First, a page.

Ginger Baker, the prodigiously talented and volcanically temperamental rock drummer who helped form Cream, rock ‘n’ roll’s first supergroup, and inspired awe and imitation in a generation of drummers, died on Oct. 6. He was 80.
Cream, a trio that included guitarist-singer Eric Clapton and bassist-singer Jack Bruce, set a powerful standard for “supergroups,” bands composed of independent star musicians. During its 2 1/2-year run, Cream sold millions of records and released a run of bluesy, jazzy and psychedelic hits including “White Room,””Sunshine of Your Love” and “Tales of Brave Ulysses” in addition to rock-driven versions of blues standards such as “Crossroads” and “Spoonful.”
Clapton’s guitar work was virtuosic, Bruce provided a propulsive bass line, and Baker was widely acknowledged as rock drumming’s first colossus, as mesmerizing a showman as any preening lead singer or flamboyant guitarist.
Often behind a parapet of drums, Baker’s Mephistophelean stage presence, combined with his remarkably tasteful drumming, elevated the rock drummer from faceless metronome to percussive demigod.
His penchant for rhythmic innovation reached an apogee when he authored what many deem rock’s first epic drum solo, in Cream’s 1966 instrumental “Toad.” It was an explosion of polyrhythmic lightning, with sustained fury, lightness and clarity.
Baker professed reverence for jazz drummers Elvin Jones, Art Blakey and Max Roach, and that informed his unerring sense of complex rhythm.
But he was often reviled for his cantankerous belligerence on and off stage, and eruptions at his bandmates hastened Cream’s dissolution.
Addicted to heroin at a young age, the often cadaverously gaunt drummer became infamous for his near-sadistic behavior with his fellow musicians (he once pulled a knife on Bruce) and for going through projects and collaborators like so many disposable tissues.
Baker’s drug-fueled, profanity-laced rages, all spewed in his back-alley Cockney brogue — along with his weaponized disdain for many of rock’s most successful artists — eventually burned every artistic bridge formed during his musical heyday. He dubbed Mick Jagger a “musical moron.”
Baker squandered several fortunes on polo ponies, and his misadventures were too numerous to be catalogued. They included reckless gunplay, run-ins with tax and immigration authorities, personal bankruptcy, and fractured relationships with three ex-wives and his three children.
There was perhaps no more accurate, and recent, portrayal of his lifelong highs and lows than the 2012 documentary “Beware of Mr. Baker.” He is alternately shown lovingly nuzzling his favorite polo horses and angrily smacking with his cane the film’s director, Jay Bulger.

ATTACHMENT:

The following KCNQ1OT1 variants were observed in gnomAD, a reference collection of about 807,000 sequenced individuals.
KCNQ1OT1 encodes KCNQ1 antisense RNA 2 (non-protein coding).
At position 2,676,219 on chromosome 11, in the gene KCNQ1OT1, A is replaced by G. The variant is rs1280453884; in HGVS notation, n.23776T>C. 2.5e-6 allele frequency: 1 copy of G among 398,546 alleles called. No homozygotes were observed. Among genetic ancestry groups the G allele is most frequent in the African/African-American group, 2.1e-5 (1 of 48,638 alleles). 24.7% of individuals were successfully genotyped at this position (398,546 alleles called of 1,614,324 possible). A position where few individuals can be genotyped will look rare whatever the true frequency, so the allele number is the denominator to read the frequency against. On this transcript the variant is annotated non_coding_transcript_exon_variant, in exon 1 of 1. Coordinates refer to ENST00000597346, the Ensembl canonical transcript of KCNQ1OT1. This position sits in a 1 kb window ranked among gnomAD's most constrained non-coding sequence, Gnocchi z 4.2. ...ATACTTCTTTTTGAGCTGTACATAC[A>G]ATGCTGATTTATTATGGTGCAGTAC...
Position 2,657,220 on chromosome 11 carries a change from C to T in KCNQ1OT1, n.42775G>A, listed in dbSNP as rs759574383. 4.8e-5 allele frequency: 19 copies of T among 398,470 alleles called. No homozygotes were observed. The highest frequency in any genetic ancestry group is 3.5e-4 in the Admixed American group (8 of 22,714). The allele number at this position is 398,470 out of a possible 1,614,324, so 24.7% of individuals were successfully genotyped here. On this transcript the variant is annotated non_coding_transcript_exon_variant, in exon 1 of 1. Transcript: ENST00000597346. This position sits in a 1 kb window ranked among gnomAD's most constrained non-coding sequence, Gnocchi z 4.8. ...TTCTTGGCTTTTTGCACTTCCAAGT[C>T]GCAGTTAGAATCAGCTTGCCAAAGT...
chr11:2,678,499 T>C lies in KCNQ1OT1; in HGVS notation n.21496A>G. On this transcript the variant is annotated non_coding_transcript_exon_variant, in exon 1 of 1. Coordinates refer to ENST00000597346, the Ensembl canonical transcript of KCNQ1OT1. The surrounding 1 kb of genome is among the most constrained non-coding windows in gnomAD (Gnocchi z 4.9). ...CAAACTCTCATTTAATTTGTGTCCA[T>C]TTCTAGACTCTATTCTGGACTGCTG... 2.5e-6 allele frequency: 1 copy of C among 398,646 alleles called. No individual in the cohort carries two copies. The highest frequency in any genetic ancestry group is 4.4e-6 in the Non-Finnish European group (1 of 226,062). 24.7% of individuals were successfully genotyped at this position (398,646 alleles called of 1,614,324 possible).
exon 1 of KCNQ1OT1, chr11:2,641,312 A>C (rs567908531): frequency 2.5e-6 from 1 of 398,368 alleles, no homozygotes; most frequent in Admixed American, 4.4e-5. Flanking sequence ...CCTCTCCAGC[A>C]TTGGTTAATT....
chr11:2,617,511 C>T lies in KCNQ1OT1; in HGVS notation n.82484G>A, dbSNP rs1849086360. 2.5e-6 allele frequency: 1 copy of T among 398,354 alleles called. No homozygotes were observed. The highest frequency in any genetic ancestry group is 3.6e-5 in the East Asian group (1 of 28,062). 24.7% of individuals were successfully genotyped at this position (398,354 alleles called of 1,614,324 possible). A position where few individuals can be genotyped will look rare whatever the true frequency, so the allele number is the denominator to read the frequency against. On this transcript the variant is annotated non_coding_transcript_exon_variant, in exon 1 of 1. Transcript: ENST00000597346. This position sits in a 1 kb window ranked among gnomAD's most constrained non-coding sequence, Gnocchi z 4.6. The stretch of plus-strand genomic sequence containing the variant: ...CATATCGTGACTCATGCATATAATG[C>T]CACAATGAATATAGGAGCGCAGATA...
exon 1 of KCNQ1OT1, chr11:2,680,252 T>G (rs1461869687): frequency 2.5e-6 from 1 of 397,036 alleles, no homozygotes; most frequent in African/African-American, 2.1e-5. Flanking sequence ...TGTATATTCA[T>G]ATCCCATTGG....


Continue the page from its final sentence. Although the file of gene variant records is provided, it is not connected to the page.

Peter Edward Baker — nicknamed “Ginger” for his shock of flaming red hair — was born in the hardscrabble hamlet of Lewisham, England, on Aug. 19, 1939.
By 16, Baker had quit school and began his first tours with local jazz acts, soon becoming one of London’s more highly sought after jazz drummers. His greatest mentor was Phil Seamen, a drumming wizard who introduced him to African drumming and heroin.
After Cream broke up, Baker was left with a lifelong level of bitterness over how little actual writing and publishing credit — and commensurate royalty compensation — he received for his work. That constant omission, Baker often lamented, contributed to his chronic money troubles.
As Cream was imploding, Clapton formed his next supergroup, Blind Faith, with bassist Ric Grech and singer Stevie Winwood, and Baker attached himself uninvited. Clapton was wary, given the drummer’s dark history with drugs.
Blind Faith folded in 1969, and Baker relocated to Nigeria the next year, swept up by the Afro-beat fervor.
By 1982, Baker’s career was spiraling downward thanks to his gnawing drug addiction. He exiled himself to a small town in southern Italy where he toiled on an olive farm before popping up in Los Angeles a few years later with the impulse to become an actor.
In 1993, Cream was inducted into the Rock and Roll Hall of Fame. For Baker, Cream forever bestowed on him a label he abhorred: “rock drummer.” He saw himself foremost as a jazz drummer, with rock as one of his many facets.
“When people put drummers like John Bonham, Mitch Mitchell and Keith Moon in the same bag as me, it’s really insulting,” he told the Wall Street Journal. “I have a gift, and none of them is even on the same street as me. The fact that I can still play is a miracle, isn’t it?”